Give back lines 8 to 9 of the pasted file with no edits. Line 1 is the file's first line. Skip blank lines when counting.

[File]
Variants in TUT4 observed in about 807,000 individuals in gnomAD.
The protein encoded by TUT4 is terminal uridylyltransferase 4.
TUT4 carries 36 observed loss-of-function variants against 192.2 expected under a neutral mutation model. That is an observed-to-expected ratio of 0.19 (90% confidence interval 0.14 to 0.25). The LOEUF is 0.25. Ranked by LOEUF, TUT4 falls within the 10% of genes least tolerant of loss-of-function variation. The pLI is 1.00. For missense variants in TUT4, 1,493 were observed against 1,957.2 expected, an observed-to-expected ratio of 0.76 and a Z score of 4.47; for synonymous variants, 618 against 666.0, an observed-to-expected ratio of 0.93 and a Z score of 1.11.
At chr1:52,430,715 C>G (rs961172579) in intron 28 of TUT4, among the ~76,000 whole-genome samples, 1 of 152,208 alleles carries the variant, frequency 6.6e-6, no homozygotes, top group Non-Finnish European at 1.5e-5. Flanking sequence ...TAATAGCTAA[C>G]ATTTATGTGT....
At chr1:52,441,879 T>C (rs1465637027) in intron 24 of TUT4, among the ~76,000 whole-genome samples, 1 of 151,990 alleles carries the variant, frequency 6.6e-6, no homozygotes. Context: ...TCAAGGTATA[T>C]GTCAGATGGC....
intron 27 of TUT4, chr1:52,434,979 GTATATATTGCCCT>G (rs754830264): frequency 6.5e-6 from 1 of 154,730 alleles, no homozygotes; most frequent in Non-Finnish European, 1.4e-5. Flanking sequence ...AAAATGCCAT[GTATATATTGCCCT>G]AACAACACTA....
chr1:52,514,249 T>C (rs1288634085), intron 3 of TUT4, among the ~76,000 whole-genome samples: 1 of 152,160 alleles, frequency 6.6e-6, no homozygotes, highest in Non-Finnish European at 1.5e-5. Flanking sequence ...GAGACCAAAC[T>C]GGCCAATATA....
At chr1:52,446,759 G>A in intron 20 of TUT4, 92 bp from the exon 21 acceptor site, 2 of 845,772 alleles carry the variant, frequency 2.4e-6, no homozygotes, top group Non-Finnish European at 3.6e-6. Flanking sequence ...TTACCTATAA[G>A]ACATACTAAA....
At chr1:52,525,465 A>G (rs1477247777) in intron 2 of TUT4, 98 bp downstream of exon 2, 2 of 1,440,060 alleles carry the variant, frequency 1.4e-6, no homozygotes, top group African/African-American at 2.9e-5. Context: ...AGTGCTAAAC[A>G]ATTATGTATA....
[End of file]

At chr1:52,446,759 G>A in intron 20 of TUT4, 92 bp from the exon 21 acceptor site, 2 of 845,772 alleles carry the variant, frequency 2.4e-6, no homozygotes, top group Non-Finnish European at 3.6e-6. Flanking sequence ...TTACCTATAA[G>A]ACATACTAAA....
At chr1:52,525,465 A>G (rs1477247777) in intron 2 of TUT4, 98 bp downstream of exon 2, 2 of 1,440,060 alleles carry the variant, frequency 1.4e-6, no homozygotes, top group African/African-American at 2.9e-5. Context: ...AGTGCTAAAC[A>G]ATTATGTATA....